Chris Cheeks, Wilson High School's senior guard, is perhaps the Interhigh's best-kept secret.
His 24.3-point average is third best in the area, but he doesn't receive nearly the attention accorded Cardozo's Earl Moore or Spingarn's Sherman Douglas -- both guards -- the area's Nos. 1 and 2 scorers.
"The only reason Chris isn't receiving media attention or a lot of exposure is because we are not raising any hell," said Wilson Coach Bill Powell. "If we were undefeated and ranked high in the polls, Chris would probably be labeled the best in the area."
A two-year starter and the team's captain, Cheeks, who averaged just under 16 points a game last year, has scored 30 or more points four times this season and three times he has recorded a triple-double -- double figures in points, rebounds and assists.
His quiet style of play has also led Wilson to five straight victories, keeping it in contention for the eight-team league tournament playoffs. Wilson is in sixth place with a 6-6 league record, 9-9 overall.
So why is he underrated, or at least underheralded?
Part of the reason stems from his quiet, unassuming personality. Some players lead by talking; Cheeks prefer to let his actions speak for themselves. He's not uncooperative, just more comfortable away from the limelight, playing the game rather than talking about it.
"He's is one of the most unselfish players in the league," said Powell. "He is not flamboyant, he just goes out there every game and does the same excellent, consistent job. He'll give you a fancy dunk now and then, and a between-the-legs dribble, but that's not really his style.
"His performance this season doesn't surprise me. What he's doing now isn't anything new."
Although Cheeks helped the Tigers to their first league title in 17 years last winter, he still did not receive much media attention.
"Winning the league title was the biggest thing in history to happen at the school" said the assistant coach, Ronald Jenkins. "And Cheeks' performance was just outstanding."
Even his finest performances last season (33 points against Spingarn in the league title game and 18 points, 16 rebounds and three blocked shots in a overtime loss to Carroll in the city title consolation game at Maryland's Cole Field House) went unnoticed.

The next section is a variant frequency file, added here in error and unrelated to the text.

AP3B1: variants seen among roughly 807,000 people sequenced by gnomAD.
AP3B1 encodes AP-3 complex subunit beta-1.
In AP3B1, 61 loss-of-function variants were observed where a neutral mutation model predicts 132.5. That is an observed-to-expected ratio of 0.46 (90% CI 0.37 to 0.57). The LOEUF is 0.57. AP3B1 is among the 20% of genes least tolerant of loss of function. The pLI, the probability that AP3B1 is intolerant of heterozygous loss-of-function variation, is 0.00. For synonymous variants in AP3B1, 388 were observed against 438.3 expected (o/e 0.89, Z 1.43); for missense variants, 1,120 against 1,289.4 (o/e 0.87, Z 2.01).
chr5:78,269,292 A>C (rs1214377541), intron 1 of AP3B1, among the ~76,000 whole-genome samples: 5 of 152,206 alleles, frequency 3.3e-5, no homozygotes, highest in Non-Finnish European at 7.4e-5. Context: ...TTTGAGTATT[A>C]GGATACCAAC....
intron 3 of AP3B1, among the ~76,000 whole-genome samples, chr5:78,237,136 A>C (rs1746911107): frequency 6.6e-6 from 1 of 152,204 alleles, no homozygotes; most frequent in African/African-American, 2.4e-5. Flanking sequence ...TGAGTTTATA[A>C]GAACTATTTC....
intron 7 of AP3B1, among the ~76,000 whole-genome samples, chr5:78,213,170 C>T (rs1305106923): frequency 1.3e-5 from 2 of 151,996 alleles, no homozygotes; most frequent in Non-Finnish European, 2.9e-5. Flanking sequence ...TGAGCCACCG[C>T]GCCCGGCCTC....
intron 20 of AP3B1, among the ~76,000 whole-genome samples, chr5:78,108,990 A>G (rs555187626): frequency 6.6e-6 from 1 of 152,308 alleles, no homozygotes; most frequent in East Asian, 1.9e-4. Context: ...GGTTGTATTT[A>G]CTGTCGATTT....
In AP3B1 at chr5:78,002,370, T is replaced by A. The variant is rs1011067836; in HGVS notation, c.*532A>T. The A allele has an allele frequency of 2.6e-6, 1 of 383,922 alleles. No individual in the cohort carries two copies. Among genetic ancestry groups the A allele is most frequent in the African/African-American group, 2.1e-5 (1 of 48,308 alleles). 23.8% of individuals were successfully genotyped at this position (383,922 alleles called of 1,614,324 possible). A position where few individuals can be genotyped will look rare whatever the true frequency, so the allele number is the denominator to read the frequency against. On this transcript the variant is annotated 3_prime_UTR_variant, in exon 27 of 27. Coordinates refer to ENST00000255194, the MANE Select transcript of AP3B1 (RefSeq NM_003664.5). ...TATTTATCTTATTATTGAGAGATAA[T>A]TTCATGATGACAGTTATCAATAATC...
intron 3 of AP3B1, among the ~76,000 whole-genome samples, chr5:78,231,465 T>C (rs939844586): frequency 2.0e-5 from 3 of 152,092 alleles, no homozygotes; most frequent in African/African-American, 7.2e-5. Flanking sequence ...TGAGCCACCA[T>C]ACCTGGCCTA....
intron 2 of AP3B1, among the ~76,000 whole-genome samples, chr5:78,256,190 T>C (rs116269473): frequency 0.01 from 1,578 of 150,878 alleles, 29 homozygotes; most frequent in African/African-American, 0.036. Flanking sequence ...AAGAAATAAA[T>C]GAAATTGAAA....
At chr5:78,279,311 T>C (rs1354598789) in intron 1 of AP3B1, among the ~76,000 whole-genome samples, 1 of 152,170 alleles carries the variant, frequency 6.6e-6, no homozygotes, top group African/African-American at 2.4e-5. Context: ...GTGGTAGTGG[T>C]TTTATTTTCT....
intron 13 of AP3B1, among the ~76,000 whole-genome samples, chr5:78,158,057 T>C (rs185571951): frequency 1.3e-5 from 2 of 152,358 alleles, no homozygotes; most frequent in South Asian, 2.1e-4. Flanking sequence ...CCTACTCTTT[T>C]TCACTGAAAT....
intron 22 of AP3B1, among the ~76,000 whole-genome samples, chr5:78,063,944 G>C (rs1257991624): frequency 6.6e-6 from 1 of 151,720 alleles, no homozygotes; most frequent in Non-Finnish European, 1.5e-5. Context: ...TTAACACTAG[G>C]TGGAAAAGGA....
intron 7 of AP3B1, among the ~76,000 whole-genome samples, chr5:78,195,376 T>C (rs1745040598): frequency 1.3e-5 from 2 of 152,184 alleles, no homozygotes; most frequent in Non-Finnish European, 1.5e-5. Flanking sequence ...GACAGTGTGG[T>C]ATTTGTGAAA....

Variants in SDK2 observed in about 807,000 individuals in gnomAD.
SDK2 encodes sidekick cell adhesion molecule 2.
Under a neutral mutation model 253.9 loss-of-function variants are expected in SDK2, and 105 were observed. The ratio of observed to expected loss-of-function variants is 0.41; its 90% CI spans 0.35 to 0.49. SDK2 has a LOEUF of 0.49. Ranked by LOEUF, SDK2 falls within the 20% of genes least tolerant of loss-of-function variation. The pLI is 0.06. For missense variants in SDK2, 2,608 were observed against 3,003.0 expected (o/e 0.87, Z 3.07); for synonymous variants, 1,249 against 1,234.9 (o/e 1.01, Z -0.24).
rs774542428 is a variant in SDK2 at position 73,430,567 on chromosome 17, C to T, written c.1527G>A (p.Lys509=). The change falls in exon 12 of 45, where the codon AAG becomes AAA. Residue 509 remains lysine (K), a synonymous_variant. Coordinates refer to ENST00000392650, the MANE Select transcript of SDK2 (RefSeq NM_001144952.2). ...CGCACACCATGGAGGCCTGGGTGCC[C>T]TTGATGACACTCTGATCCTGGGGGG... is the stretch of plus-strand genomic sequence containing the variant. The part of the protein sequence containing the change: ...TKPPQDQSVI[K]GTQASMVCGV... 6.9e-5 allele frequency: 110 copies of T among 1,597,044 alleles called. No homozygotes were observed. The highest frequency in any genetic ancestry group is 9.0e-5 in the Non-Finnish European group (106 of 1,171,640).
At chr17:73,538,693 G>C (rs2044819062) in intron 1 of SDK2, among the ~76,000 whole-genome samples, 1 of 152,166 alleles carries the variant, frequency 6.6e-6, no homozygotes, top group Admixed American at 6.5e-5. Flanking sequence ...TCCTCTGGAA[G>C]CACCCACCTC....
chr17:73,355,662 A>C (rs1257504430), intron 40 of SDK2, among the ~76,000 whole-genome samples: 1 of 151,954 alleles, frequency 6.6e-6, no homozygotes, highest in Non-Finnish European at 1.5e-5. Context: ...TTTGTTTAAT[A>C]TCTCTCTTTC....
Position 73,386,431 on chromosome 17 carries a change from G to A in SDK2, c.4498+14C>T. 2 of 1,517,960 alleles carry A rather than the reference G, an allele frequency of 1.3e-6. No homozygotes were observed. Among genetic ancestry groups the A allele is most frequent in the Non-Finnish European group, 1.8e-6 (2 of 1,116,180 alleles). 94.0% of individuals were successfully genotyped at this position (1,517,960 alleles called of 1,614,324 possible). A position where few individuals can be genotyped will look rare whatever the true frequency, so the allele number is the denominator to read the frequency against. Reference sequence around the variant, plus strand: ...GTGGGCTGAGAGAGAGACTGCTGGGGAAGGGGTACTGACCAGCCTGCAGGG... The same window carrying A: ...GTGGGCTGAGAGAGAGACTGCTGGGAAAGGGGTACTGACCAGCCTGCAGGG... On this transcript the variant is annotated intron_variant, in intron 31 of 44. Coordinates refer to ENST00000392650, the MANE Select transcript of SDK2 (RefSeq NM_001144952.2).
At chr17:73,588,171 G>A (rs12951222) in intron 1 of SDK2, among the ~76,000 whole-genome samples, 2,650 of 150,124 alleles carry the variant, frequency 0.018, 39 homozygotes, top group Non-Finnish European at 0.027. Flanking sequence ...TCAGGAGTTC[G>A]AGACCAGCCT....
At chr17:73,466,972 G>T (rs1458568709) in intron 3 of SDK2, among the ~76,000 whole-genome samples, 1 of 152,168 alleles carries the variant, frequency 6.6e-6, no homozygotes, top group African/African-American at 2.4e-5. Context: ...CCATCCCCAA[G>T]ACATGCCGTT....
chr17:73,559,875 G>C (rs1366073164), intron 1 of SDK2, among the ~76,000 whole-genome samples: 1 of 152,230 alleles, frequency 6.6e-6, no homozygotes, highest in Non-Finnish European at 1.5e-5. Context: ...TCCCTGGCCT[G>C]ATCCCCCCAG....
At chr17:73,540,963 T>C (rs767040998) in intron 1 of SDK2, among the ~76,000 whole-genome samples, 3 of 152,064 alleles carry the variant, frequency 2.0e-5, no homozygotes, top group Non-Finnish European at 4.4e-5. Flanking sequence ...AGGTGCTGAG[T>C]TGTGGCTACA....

"Joe (Burnie, all-Met) was the man last year, and everyone labeled him 'Mr. Wilson,'" said Powell. "He was the leading scorer in the league (22.6), had the best jump shot I've ever seen, and could do things with the basketball that were amazing. This left little room for anyone on the team to receive any kind of exposure."
But this season, Cheeks has the green light.
"He's running the plays that I designed for Burnie last year, only he's more effective because I can use him at guard, forward, and center," said Powell. "He's our free-lancing player."
Perhaps that term "free lancer" can be best defined by the play Wilson runs called the "Flash Pattern" where Cheeks starts out as a center playing the low post, and then comes off a pick to play outside and and pops in the jump shot from the free throw line.
Another play, Cheeks' favorite, is the "Isolation." Against Ballou last Thursday, Cheeks, who scored a team-high 24 points in the Tigers' 83-74 victory, was called on to run the play at least eight times.
"They call a lot of plays for him because of his size and strength," said Ballou's guard Jamie Hines. "On the isolation play, he has the option to do whatever he wants. And when a player with his inside leaping abilities and outside shooting accuracy has that option, it makes him a big threat."
"I have a lot of responsibilities and I've accepted the role Coach Powell has given me," said Cheeks, who is being recruited by American University, Wake Forest and the University of Miami. "But I'm not the only player on this team that's producing." Cheeks, who sufferred a sprained ankle injury two weeks ago, but sat out only one game, watched from the sidelines as his team, led by sophomore guard Ronnie Holt (21 points) and senior guard Poopie James (19 points), defeated Theodore Roosevelt, 63-56.
"It's nice to have players that can fill the void when injuries occur," said Powell. "We played (Roosevelt) as if we never had him on the squad. Maybe he is a hidden star. But I'll tell you one thing, if there is a tough game, or a tough situation, or a big challenge, and I need a player I can count on, Cheeks is my guy."